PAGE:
Stan will ‘absolutely’ continue to see investment following ‘exceptional’ result, says Sneesby

Yesterday’s Nine Entertainment results saw subscription streaming service Stan grow its revenue by 22% in FY2022, however rising costs for the business meant that EBITDA growth took a backward turn compared to the previous year.

The media company did not put a specific figure on subscriber numbers but did point to an active figure exceeding 2.5 million. This comes after Stan CEO, Martin Kugeler gave an update on the platform in February, then-too noting the active subscriber base sat above the 2.5 million figure.

Sneesby, Nine CEO and former Stan CEO

“I think it’s an exceptional result for Stan,” said Nine CEO Mike Sneesby, who was the inaugural boss of Stan, until moving into the top job last year.  

Sneesby said the company gave an update at both the last year’s results and the half-year results around the expectations for Stan, while coming out of lockdowns and into the present environment, “coming off such a peak for the subscription market of subscriber growth”.

The result came as this month News Corp and Foxtel delivered its financials, within it figures showing that while across the entire financial year entertainment streaming service Binge had risen in subscribers, in the most recent quarter, paying subscribers had dipped from 1,212,000 to 1,192,000.

Stan recently announced the rights for the 2023 Rugby World Cup

Sneesby maintained that the company’s projections see growth in revenue and EBITDA into the FY2023, and that it is a direct reflection of the strategy to ensure that the business is “heavily differentiated”.

“The growth of originals that are continuing to perform extremely well, and the timing of the launch of Stan Sport, which has brought considerable growth in sports subscribers over the financial year is really underpinning the strength in the base.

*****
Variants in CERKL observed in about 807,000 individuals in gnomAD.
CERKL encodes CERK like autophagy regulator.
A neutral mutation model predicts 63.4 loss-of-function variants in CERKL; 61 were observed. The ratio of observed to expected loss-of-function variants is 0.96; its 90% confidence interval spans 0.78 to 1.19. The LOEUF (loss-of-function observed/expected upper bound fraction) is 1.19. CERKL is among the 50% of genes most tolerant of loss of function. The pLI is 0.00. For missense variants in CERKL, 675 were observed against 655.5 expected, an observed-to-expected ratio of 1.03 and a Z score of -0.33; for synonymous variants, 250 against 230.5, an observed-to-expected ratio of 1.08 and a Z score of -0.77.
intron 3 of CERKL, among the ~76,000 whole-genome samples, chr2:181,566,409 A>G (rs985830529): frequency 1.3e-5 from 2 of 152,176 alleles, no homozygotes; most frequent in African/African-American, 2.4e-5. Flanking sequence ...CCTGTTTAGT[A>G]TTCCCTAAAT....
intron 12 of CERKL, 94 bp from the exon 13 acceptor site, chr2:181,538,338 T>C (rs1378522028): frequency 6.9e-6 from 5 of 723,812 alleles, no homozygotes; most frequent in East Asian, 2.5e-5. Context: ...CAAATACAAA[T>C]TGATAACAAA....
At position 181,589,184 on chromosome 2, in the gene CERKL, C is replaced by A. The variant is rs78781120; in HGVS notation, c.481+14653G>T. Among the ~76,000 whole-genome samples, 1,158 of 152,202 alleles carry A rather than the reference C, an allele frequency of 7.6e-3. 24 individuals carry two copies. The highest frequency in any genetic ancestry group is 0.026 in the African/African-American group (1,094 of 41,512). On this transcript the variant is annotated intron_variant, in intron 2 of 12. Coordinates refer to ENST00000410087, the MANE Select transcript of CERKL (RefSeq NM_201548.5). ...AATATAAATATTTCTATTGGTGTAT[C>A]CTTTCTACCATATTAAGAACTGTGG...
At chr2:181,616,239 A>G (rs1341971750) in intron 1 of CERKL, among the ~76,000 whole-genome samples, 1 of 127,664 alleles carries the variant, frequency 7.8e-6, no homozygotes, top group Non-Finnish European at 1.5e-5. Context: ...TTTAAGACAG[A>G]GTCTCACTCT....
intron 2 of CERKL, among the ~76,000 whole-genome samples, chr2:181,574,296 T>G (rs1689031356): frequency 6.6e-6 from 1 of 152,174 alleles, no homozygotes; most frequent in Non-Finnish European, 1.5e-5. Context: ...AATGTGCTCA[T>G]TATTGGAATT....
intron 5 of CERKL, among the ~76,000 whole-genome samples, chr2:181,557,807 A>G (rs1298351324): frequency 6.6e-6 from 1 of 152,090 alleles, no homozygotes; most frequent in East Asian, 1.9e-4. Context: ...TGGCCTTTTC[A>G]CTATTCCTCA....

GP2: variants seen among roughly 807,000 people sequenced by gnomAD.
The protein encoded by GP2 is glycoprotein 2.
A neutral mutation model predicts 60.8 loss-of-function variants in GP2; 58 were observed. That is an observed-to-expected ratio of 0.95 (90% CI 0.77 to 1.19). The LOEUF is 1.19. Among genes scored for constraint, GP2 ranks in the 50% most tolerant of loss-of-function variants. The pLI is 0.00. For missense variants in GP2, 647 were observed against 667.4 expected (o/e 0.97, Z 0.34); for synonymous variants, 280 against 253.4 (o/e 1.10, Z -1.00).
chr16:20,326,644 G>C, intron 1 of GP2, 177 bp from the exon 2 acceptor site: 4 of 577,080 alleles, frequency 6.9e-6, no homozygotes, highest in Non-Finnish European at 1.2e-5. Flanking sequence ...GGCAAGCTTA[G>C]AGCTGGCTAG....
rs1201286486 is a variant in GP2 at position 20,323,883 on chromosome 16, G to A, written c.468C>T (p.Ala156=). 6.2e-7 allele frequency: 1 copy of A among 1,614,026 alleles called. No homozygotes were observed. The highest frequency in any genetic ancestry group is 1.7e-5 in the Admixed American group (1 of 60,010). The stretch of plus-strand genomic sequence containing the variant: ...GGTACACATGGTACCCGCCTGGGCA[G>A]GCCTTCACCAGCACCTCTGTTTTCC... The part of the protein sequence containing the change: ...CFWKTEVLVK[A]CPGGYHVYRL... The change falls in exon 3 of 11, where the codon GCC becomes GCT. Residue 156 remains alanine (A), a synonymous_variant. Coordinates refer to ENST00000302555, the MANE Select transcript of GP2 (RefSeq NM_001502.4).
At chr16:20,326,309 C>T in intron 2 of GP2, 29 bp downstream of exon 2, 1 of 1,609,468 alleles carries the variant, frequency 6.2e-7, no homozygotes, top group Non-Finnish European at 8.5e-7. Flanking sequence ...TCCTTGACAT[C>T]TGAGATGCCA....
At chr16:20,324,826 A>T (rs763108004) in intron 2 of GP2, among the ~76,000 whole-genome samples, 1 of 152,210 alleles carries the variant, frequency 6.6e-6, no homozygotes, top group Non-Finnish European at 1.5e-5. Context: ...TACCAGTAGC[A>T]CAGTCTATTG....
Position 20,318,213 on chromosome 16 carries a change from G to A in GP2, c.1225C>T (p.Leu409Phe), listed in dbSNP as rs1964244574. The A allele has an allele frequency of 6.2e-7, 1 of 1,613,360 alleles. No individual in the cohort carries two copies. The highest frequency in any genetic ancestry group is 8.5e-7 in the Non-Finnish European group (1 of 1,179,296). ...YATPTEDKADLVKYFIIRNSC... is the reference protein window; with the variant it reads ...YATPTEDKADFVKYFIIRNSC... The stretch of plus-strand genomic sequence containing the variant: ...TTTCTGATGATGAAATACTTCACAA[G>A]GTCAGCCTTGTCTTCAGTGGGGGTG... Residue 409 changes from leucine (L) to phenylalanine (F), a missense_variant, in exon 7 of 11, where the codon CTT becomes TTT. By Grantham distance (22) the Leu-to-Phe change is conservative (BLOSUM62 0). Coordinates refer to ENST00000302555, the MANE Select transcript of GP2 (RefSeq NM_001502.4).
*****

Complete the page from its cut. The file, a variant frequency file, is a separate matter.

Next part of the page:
“In other words,” Sneesby continued, “You look at the engagement with subscribers who sign up for Sport, and it really increases the lifetime value and the stickiness of subscribers.”

Stan CEO, Martin Kugeler

“So I think all the pieces and the strategy have come together for [Stan] and they’re doing a great job on executing.”

Looking ahead, Sneesby said he “doesn’t put timeframes” on projecting subscriber growth, asked when the three million subscribers figure might be reached, as he added “we continue to see great growth opportunities ahead for Stan in both entertainment subscriptions as well as Sports subscriptions.”

Costs were the main obstacle for Stan, which might be an expected growing pain for a company still in its early stages, also in a rapidly developing market. Stan launched Stan Sport in November 2020, and for this financial year costs increased by 127% from $33 million to $75 million.

“You’ve got to remember that Stan continues to be in a phase of growth, albeit they’re at scale in the market and they’re a clear local leader. We’ve given indication that costs will increase into 2023, but they’ll increase at a lower amount than what they increased into 2022.”

“But making investments in a category that’s still growing is absolutely what you need to do,” he added. “Having said that, I think you’ll find that Stan has been quite unique in its ability to deliver what’s now more than three years of profitability to a market where few businesses are profitable. It’s operating at scale on a cost base that makes sense, and it makes sense because business decisions for Stan have been made through a very rational commercial lens.”


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